4 January 2017

UK to phase out coal ahead of 2025

The United Kingdom is scaling up its use of low-carbon energy sources as it plans to phase out coal-fired power plants altogether by 2025.

According to the UK Department for Business, Energy and Industrial Strategy (BEIS), between the months of July and September last year, 50 per cent of the country’s electricity was produced primarily by wind and solar farms, as well as wood and nuclear power plants.

Scotland's last coal power plant closed in spring 2016, and two of the largest coal plants in England were also decommissioned.

As a result, the proportion of electricity generated by coal fell from 16.7 per cent in the third quarter of 2015, to just 3.6 per cent over the same period in 2016.

Scotland, which has demonstrated a strong commitment to renewable energy, now produces 77 per cent of its electricity from low-carbon sources.

The UK government pledged last year that coal would be phased out by 2025 In November, they announced that the last coal plant could close as early as 2022 without government intervention, due to rising costs related to compliance with emissions standards.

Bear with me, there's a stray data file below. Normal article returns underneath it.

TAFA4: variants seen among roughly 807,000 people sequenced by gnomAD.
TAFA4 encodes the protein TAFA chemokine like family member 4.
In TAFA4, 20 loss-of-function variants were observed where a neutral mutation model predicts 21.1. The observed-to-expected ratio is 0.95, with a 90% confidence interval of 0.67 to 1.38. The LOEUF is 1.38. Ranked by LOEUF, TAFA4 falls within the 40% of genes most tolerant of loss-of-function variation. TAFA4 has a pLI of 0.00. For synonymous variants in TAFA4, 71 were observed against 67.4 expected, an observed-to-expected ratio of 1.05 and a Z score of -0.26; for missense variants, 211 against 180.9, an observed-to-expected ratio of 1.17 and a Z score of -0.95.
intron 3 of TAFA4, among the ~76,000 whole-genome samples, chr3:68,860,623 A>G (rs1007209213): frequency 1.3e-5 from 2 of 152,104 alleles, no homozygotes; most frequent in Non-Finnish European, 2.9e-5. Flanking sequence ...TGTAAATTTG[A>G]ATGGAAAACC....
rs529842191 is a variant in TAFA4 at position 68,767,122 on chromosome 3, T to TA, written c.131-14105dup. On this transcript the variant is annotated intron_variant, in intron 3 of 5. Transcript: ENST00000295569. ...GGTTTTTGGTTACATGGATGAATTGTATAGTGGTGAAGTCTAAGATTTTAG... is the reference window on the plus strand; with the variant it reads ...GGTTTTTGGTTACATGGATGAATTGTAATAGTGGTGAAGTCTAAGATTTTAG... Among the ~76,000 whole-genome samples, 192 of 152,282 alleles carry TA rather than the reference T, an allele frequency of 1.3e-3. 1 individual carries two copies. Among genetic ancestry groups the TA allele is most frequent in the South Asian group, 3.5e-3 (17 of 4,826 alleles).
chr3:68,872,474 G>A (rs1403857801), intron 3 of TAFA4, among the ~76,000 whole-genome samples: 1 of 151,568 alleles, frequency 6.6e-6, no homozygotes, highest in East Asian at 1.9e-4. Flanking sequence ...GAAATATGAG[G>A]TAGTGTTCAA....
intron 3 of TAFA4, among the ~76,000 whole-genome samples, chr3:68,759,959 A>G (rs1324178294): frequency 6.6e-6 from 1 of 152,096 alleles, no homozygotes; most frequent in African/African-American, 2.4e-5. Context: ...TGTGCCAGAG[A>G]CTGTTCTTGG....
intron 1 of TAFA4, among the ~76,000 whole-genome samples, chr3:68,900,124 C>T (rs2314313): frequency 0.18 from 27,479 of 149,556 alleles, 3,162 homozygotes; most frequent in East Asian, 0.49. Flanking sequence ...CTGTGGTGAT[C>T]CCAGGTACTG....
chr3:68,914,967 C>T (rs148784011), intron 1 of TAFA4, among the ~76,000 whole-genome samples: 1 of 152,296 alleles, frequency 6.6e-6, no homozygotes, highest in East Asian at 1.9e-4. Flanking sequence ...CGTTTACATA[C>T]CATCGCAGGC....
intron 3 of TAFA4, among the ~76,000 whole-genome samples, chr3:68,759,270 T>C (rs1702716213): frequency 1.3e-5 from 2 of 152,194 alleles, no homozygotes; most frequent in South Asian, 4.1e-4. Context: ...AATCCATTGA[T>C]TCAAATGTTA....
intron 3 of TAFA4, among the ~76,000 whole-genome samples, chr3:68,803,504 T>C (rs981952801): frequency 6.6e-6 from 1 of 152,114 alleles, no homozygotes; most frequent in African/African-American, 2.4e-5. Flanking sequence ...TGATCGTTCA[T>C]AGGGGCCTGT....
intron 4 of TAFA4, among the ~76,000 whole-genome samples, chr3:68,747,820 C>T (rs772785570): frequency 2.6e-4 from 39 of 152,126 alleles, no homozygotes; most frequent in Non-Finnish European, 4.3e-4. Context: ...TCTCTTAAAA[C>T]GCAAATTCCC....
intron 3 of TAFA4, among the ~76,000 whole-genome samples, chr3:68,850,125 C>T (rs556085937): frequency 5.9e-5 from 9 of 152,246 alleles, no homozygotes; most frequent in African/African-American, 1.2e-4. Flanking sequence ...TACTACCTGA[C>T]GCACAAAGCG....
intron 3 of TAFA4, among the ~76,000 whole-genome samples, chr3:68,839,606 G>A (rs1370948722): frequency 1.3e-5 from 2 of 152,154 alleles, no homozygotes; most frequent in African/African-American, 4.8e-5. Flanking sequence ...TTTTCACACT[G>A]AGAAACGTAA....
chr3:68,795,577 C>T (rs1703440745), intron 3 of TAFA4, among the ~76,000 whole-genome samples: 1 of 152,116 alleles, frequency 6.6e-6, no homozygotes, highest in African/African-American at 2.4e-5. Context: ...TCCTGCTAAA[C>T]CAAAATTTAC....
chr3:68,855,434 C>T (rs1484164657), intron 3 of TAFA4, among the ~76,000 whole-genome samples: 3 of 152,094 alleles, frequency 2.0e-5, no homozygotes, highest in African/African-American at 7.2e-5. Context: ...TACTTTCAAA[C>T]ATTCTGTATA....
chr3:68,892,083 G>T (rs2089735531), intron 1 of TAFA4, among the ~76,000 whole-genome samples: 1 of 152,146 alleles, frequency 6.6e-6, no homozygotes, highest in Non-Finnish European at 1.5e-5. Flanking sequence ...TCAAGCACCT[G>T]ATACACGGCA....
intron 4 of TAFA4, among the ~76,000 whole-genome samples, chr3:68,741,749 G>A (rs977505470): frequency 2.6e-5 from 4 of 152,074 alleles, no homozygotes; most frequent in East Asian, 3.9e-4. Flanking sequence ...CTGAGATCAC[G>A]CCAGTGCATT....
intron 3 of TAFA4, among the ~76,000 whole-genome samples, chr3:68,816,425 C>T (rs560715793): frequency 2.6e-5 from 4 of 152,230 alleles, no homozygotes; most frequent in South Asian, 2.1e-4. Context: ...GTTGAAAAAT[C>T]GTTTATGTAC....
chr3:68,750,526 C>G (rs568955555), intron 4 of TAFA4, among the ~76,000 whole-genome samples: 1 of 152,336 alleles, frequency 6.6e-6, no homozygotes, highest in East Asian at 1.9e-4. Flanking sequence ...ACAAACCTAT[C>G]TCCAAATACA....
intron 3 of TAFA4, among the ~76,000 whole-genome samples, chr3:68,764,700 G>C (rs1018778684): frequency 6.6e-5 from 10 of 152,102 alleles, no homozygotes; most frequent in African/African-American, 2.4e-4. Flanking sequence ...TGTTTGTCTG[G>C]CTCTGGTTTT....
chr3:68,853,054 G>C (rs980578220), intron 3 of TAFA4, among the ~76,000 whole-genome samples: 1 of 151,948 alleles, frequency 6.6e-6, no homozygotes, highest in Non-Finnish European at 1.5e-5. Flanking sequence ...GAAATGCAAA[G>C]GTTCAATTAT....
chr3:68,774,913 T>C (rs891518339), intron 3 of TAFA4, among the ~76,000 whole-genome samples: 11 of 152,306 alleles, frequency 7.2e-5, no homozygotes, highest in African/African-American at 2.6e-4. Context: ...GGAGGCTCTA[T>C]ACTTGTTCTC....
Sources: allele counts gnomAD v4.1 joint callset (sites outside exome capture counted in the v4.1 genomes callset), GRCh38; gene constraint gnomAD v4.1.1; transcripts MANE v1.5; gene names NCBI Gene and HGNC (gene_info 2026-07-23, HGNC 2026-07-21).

Studies have shown, however, that if the price of coal remains low, plants could remain open until 2030.

Consequently, the UK government plans to enact a series of emissions standards for coal plants as well as incentives for the use of renewable energy sources in order to meet its 2025 target for the phase out of coal.

Officials consider it "unlikely" that emissions-reducing technology for power plants—such as systems that capture and store carbon—will prove practical, and plants will have to stop using coal in order to meet the new emissions standards. 

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